The Enchanting Grape
© by Richard Fadeley
In the dead of winter, and the days finally beginning to lengthen, my go-to wine is often a brooding and earthy syrah, usually from France's northern Rhône. Syrah – or shiraz as it is known "down-under" – is the ancient grape of Persia that found its way to France during Roman times. Here it is the only red grape allowed in the northern Rhône (Hermitage, Crozes-Hermitage, St. Joseph and Cote-Rotie, and Cornas).
Syrah made its way to Australia in the early 1800's and is now their most widely planted red variety. You will often see it in many different blends, usually along with its stable-mates grenache and mouvedre, and is used extensively in southern Rhône blends. You will also find it as part of the mix in most of the rosés from southern France
If sauvignon blanc is a summer wine, syrah is its seasonal counterpart. Bold and assertive, these reds are lush and warming with raspberries layered on top of black fruit, white pepper, roasted coffee, spice and even more fruit.
The only hit on these wines is that they can often be a bit high in alcohol. Our favorite wines tended to be 14% or below while several were 14.5% or higher. Though still juicy and balanced, if you are sensitive to alcohol you would want to be mindful of the ABV. That said, these were awfully tasty wines. Wines that would be right at home beside grilled meats, pork tenderloin, or burgers. One of my favorite pairings is Cabot's Seriously Sharp White Cheddar, just seems to pair with the wine, and might be interesting sliced on top of grilled burgers.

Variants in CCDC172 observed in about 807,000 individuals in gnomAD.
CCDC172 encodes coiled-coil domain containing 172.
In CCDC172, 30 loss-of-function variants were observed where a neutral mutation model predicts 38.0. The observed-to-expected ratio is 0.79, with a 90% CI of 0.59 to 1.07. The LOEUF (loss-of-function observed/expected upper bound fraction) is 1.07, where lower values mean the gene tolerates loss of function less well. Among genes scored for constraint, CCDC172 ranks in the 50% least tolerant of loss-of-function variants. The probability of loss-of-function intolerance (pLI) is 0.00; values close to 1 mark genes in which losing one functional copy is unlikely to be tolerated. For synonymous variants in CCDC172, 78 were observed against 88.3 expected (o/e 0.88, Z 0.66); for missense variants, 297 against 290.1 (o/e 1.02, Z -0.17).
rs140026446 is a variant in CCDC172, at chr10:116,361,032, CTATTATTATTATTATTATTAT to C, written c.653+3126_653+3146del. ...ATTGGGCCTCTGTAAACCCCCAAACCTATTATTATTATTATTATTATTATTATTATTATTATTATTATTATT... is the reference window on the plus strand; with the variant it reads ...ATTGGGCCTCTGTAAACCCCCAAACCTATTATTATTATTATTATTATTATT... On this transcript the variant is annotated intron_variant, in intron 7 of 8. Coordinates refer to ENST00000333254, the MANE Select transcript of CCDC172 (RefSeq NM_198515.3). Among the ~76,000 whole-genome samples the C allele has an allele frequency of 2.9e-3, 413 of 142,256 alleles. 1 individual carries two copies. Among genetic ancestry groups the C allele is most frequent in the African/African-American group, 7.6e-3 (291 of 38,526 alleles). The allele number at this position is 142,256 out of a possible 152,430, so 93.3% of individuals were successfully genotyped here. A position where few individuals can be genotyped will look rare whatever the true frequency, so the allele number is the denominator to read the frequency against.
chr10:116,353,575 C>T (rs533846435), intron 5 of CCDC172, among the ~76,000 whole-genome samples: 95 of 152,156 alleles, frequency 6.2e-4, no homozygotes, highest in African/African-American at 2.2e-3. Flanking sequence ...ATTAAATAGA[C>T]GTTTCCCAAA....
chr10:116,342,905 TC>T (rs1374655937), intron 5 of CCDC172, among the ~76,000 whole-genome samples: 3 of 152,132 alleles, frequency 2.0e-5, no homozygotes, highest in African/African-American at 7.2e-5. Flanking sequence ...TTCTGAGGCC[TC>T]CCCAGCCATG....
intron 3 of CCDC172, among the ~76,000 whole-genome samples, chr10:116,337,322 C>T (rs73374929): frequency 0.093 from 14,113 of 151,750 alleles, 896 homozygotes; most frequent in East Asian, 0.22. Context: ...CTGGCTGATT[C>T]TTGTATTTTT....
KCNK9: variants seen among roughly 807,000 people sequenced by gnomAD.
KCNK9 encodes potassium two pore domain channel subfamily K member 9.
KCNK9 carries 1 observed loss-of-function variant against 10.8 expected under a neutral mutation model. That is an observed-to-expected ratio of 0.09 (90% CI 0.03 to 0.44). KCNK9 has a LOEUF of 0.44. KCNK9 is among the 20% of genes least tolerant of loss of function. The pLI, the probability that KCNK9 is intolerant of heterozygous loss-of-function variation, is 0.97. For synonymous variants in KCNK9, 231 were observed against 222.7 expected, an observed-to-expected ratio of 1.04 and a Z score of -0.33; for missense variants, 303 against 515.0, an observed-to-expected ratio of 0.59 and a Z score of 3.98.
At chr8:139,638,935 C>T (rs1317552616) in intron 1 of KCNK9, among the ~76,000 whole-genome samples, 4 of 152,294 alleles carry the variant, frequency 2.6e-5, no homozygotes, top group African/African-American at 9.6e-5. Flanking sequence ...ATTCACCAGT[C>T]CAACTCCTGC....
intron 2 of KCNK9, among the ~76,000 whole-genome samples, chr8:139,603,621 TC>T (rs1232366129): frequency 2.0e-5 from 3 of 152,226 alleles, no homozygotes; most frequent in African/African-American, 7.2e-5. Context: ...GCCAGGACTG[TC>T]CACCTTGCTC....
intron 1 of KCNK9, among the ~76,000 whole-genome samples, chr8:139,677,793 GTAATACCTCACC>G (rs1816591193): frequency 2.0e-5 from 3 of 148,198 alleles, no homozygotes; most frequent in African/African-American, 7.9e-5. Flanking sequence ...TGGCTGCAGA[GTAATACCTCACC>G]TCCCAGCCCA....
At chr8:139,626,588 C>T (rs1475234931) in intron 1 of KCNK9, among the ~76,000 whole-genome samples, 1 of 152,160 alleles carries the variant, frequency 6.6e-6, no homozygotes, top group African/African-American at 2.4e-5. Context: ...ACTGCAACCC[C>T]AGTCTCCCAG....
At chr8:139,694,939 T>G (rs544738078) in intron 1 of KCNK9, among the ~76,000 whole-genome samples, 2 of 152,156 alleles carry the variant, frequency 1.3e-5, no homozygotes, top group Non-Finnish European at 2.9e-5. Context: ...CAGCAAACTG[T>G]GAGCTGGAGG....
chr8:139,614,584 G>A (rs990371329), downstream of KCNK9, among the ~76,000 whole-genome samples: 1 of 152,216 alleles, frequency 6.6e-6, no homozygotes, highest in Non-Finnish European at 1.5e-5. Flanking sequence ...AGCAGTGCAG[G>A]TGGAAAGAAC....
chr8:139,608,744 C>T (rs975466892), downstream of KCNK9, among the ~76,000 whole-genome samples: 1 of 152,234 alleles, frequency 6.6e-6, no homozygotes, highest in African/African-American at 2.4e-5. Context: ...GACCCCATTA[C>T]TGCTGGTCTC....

California is doing a good job with this grape and it seems to be a perfect fit for the cooler climate in Washington State where it is becoming a major player. While it has clearly become Australia's signature grape, South Africa has also has embraced syrah, calling it shiraz, just like their "south-of-the-equator" cousins. Though we did not have any in this tasting, they would be worth a look.
And while these are quaffable wines they really "find their sea-legs" when you bring out the food. Hearty winter fare screams for Syrah! Stews and rich soups will both snuggle up to this rich red wine. We finished our wines with pork tenderloin sandwiches, bakes beans and potato salad. Tasty! And of course they would be perfect with any sort of chocolate dessert, the darker the better.
While California won the numbers game this time, Washington cannot be far behind, though California has six times as much land planted to syrah as the "Evergreen State". Washington has plenty of untapped potential, with an ideal climate--no problem with too much rain, with only 6"-8" per year, requiring drip irrigation – and a perfect cool latitude and soils.
If you haven't tried syrah/shiraz lately you owe it to yourself to sample a few of these delicious wines. They can be a stand-in for merlot or cabernet (while pinot noir will be a touch more nuanced and almost in a class by itself, pairing better with chicken, or salmon). Grab a bottle of shiraz or syrah and hang on until spring gets here, but it will help to have some food handy.
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